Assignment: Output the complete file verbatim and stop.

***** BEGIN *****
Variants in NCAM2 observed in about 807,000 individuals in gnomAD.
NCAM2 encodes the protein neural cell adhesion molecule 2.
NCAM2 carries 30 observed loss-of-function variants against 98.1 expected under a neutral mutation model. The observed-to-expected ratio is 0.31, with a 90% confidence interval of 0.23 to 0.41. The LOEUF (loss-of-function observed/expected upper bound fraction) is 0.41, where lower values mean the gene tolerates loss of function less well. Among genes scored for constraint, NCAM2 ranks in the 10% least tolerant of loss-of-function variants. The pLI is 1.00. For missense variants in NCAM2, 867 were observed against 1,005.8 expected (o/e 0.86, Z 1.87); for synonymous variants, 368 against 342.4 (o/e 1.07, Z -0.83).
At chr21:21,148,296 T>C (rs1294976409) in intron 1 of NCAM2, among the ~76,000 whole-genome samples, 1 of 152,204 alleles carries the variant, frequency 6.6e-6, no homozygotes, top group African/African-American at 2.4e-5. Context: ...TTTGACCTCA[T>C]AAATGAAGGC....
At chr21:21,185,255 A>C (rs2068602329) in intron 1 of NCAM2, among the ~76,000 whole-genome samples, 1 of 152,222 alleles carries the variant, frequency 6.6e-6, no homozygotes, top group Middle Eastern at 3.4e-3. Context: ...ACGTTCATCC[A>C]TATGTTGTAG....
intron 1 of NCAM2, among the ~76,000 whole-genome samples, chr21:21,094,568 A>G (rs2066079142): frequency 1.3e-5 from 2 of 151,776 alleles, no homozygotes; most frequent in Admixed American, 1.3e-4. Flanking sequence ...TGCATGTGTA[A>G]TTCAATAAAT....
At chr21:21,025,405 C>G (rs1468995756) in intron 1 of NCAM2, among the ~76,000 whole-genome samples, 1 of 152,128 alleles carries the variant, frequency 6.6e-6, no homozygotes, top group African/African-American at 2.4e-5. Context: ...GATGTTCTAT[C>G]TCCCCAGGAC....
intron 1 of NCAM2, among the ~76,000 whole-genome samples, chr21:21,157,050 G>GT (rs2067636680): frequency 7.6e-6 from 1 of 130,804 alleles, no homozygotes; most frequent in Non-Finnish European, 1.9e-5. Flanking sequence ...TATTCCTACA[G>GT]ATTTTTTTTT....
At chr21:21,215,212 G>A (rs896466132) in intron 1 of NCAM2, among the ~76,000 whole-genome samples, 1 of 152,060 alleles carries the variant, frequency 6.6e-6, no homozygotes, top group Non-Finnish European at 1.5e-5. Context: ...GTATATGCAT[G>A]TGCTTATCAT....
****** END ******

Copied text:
Variants in NCAM2 observed in about 807,000 individuals in gnomAD.
NCAM2 encodes the protein neural cell adhesion molecule 2.
NCAM2 carries 30 observed loss-of-function variants against 98.1 expected under a neutral mutation model. The observed-to-expected ratio is 0.31, with a 90% confidence interval of 0.23 to 0.41. The LOEUF (loss-of-function observed/expected upper bound fraction) is 0.41, where lower values mean the gene tolerates loss of function less well. Among genes scored for constraint, NCAM2 ranks in the 10% least tolerant of loss-of-function variants. The pLI is 1.00. For missense variants in NCAM2, 867 were observed against 1,005.8 expected (o/e 0.86, Z 1.87); for synonymous variants, 368 against 342.4 (o/e 1.07, Z -0.83).
At chr21:21,148,296 T>C (rs1294976409) in intron 1 of NCAM2, among the ~76,000 whole-genome samples, 1 of 152,204 alleles carries the variant, frequency 6.6e-6, no homozygotes, top group African/African-American at 2.4e-5. Context: ...TTTGACCTCA[T>C]AAATGAAGGC....
At chr21:21,185,255 A>C (rs2068602329) in intron 1 of NCAM2, among the ~76,000 whole-genome samples, 1 of 152,222 alleles carries the variant, frequency 6.6e-6, no homozygotes, top group Middle Eastern at 3.4e-3. Context: ...ACGTTCATCC[A>C]TATGTTGTAG....
intron 1 of NCAM2, among the ~76,000 whole-genome samples, chr21:21,094,568 A>G (rs2066079142): frequency 1.3e-5 from 2 of 151,776 alleles, no homozygotes; most frequent in Admixed American, 1.3e-4. Flanking sequence ...TGCATGTGTA[A>G]TTCAATAAAT....
At chr21:21,025,405 C>G (rs1468995756) in intron 1 of NCAM2, among the ~76,000 whole-genome samples, 1 of 152,128 alleles carries the variant, frequency 6.6e-6, no homozygotes, top group African/African-American at 2.4e-5. Context: ...GATGTTCTAT[C>G]TCCCCAGGAC....
intron 1 of NCAM2, among the ~76,000 whole-genome samples, chr21:21,157,050 G>GT (rs2067636680): frequency 7.6e-6 from 1 of 130,804 alleles, no homozygotes; most frequent in Non-Finnish European, 1.9e-5. Flanking sequence ...TATTCCTACA[G>GT]ATTTTTTTTT....
At chr21:21,215,212 G>A (rs896466132) in intron 1 of NCAM2, among the ~76,000 whole-genome samples, 1 of 152,060 alleles carries the variant, frequency 6.6e-6, no homozygotes, top group Non-Finnish European at 1.5e-5. Context: ...GTATATGCAT[G>A]TGCTTATCAT....